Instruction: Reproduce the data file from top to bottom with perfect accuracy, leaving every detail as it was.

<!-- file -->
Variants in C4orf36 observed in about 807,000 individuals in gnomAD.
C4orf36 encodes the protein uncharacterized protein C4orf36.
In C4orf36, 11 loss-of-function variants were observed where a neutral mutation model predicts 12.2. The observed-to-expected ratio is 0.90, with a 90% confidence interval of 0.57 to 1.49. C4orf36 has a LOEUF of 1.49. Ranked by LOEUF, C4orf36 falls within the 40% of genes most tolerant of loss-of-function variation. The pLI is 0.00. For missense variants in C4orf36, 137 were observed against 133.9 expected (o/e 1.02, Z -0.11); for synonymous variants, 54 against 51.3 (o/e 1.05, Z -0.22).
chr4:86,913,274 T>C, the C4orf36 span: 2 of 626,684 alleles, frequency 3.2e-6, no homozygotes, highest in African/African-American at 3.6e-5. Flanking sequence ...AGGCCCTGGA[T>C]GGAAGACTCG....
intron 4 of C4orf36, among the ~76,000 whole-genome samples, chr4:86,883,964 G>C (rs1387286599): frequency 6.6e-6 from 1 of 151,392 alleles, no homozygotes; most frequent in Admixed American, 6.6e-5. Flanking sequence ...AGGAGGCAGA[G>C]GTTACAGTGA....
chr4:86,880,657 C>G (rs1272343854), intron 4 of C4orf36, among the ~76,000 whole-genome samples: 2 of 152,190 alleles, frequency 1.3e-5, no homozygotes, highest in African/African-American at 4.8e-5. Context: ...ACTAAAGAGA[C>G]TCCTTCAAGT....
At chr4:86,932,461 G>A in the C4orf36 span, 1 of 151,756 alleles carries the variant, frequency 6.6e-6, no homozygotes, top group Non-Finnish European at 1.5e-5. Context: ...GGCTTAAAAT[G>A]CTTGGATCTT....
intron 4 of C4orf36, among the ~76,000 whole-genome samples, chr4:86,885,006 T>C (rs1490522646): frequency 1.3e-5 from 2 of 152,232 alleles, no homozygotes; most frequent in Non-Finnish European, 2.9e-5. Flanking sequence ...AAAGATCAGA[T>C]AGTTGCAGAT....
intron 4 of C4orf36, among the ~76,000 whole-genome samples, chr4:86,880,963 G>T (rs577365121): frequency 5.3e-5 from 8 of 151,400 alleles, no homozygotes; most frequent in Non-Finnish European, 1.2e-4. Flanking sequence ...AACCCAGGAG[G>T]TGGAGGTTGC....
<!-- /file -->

Variants in C4orf36 observed in about 807,000 individuals in gnomAD.
C4orf36 encodes the protein uncharacterized protein C4orf36.
In C4orf36, 11 loss-of-function variants were observed where a neutral mutation model predicts 12.2. The observed-to-expected ratio is 0.90, with a 90% confidence interval of 0.57 to 1.49. C4orf36 has a LOEUF of 1.49. Ranked by LOEUF, C4orf36 falls within the 40% of genes most tolerant of loss-of-function variation. The pLI is 0.00. For missense variants in C4orf36, 137 were observed against 133.9 expected (o/e 1.02, Z -0.11); for synonymous variants, 54 against 51.3 (o/e 1.05, Z -0.22).
chr4:86,913,274 T>C, the C4orf36 span: 2 of 626,684 alleles, frequency 3.2e-6, no homozygotes, highest in African/African-American at 3.6e-5. Flanking sequence ...AGGCCCTGGA[T>C]GGAAGACTCG....
intron 4 of C4orf36, among the ~76,000 whole-genome samples, chr4:86,883,964 G>C (rs1387286599): frequency 6.6e-6 from 1 of 151,392 alleles, no homozygotes; most frequent in Admixed American, 6.6e-5. Flanking sequence ...AGGAGGCAGA[G>C]GTTACAGTGA....
chr4:86,880,657 C>G (rs1272343854), intron 4 of C4orf36, among the ~76,000 whole-genome samples: 2 of 152,190 alleles, frequency 1.3e-5, no homozygotes, highest in African/African-American at 4.8e-5. Context: ...ACTAAAGAGA[C>G]TCCTTCAAGT....
At chr4:86,932,461 G>A in the C4orf36 span, 1 of 151,756 alleles carries the variant, frequency 6.6e-6, no homozygotes, top group Non-Finnish European at 1.5e-5. Context: ...GGCTTAAAAT[G>A]CTTGGATCTT....
intron 4 of C4orf36, among the ~76,000 whole-genome samples, chr4:86,885,006 T>C (rs1490522646): frequency 1.3e-5 from 2 of 152,232 alleles, no homozygotes; most frequent in Non-Finnish European, 2.9e-5. Flanking sequence ...AAAGATCAGA[T>C]AGTTGCAGAT....
intron 4 of C4orf36, among the ~76,000 whole-genome samples, chr4:86,880,963 G>T (rs577365121): frequency 5.3e-5 from 8 of 151,400 alleles, no homozygotes; most frequent in Non-Finnish European, 1.2e-4. Flanking sequence ...AACCCAGGAG[G>T]TGGAGGTTGC....